Magazine article First Things; A Monthly Journal of Religion and Public Life

Secularization Falsified

Magazine article First Things; A Monthly Journal of Religion and Public Life

Secularization Falsified

Article excerpt

It has been more than a century since Nietzsche proclaimed the death of God. The prophecy was widely accepted as referring to an alleged fact about increasing disbelief in religion, both by those who rejoiced in it and those who deplored it. As the twentieth century proceeded, however, the alleged fact became increasingly dubious. And it is very dubious indeed as a description of our point in time at the beginning of the twenty-first century. Religion has not been declining. On the contrary, in much of the world there has been a veritable explosion of religious faith.

Ever since the Enlightenment intellectuals of every stripe have believed that the inevitable consequence of modernity is the decline of religion. The reason was supposed to be the progress of science and its concomitant rationality, replacing the irrationality and superstition of religion. Not only Nietzsche but other seminal modern thinkers thought so-notably Marx (religion as opiate of the masses) and Freud (religion as illusion).

So did the two great figures of classical sociology. Emile Durkheim explained religion as nothing but a metaphor of social order. Max Weber believed that what he called "rationalization"-the increasing dominance of a scientific mindset-would destroy the "magical garden" of premodern worldviews. To be sure, the two had different attitudes toward this alleged insight. Durkheim, an Enlightened atheist saw modern secularity as progress. Weber was not happy about what he saw-ostensibly the imprisonment of modern man in the "iron cage" of rationality. But happily or nostalgically, both agreed on what was supposedly happening.

Not to put too fine a point on it they were mistaken. Modernity is not intrinsically secularizing, though it has been so in particular cases (one of which, as I will argue in a moment is very relevant for the phenomenon of secularism).

The mistake, I think, can be described as a confusion of categories: Modernity is not necessarily secularizing; it is necessarily pluralizing. Modernity is characterized by an increasing plurality, within the same society, of different beliefs, values, and worldviews. Plurality does indeed pose a challenge to all religious traditions-each one must cope with the fact that there are "all these others," not just in a faraway country but right next door. This challenge, however, is not the one assumed by secularization theory.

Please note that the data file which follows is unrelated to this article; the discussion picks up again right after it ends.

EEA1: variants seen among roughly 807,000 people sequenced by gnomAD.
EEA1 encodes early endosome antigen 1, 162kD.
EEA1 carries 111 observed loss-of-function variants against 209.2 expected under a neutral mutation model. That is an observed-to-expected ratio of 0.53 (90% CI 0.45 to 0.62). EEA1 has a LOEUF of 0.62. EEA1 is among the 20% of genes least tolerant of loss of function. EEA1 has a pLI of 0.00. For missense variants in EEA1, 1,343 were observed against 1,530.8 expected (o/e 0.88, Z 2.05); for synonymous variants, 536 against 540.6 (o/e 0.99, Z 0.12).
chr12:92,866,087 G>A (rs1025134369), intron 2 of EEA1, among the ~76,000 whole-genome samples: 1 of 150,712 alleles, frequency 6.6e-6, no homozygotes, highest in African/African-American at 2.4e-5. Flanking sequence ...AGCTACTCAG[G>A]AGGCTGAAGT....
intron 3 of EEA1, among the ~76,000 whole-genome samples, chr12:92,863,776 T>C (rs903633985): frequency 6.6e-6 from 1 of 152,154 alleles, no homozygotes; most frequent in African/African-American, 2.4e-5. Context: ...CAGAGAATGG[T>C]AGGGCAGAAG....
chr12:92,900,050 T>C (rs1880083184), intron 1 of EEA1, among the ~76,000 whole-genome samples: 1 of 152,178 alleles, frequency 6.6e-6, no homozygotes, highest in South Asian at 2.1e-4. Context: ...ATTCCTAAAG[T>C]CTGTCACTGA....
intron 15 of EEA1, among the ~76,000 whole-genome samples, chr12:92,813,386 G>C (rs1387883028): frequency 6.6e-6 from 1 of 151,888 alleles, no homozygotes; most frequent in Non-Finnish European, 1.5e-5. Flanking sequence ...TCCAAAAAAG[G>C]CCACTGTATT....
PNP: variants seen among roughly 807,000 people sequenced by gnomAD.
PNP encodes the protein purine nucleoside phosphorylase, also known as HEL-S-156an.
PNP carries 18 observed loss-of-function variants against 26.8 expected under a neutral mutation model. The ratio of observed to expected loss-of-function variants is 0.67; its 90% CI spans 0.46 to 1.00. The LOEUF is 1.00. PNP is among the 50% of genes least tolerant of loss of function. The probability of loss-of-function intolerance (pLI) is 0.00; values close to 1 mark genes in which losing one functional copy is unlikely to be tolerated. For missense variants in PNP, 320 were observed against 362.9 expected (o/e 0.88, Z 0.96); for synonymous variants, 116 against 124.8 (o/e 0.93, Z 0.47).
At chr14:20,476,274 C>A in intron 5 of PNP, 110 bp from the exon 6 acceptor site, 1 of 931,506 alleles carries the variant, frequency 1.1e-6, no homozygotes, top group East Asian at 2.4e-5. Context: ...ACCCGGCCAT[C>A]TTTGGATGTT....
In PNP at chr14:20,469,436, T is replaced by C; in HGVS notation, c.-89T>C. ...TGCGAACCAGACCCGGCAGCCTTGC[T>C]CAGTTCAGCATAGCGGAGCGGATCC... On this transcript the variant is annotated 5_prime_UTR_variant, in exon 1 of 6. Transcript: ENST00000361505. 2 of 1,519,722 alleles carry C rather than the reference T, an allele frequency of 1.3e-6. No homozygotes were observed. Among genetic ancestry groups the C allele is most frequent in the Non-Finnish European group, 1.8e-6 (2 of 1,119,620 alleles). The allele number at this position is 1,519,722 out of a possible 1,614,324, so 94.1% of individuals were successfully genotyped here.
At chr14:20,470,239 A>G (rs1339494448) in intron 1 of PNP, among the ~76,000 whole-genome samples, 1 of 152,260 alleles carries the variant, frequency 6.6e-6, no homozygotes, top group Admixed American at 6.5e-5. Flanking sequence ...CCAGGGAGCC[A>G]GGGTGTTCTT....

Looked at globally, there are two particularly powerful religious explosions-resurgent Islam and dynamic evangelical Protestantism. Passionate Islamic movements are on the rise throughout the Muslim world, from the Atlantic Ocean to the China Sea, and in the Muslim diaspora in the West. The rise of evangelical Protestantism has been less noticed by intellectuals, the media, and the general public in Western countries, partly because nowhere is it associated with violence and partly because it more directly challenges the assumptions of established elite opinion: David Martin, a leading British sociologist of religion, has called it a "revolution that was not supposed to happen." Yet it has spread more rapidly and over a larger geographical area than resurgent Islam. What is more, the Islamic growth has occurred mostly in populations that were already Muslim-a revitalization rather than a conversion. By contrast, evangelical Protestantism has been penetrating parts of the world in which this form of religion was hitherto unknown. And it has done so by means of mass conversions.

By far the most numerous and dynamic segment of what I am calling this evangelical diffusion has been Pentecostalism. It began almost exacdy one hundred years ago in a number of locations in the United States, as small groups of people began to speak in tongues and experience miraculous healing. From its beginning, Pentecostalism was actively proselytizing, mostly in America (though there were early outposts abroad-even, curiously enough, in Sweden). But the big Pentecostal explosion began in the 1950s, especially in the developing countries, and it has been mtensifying ever since. …

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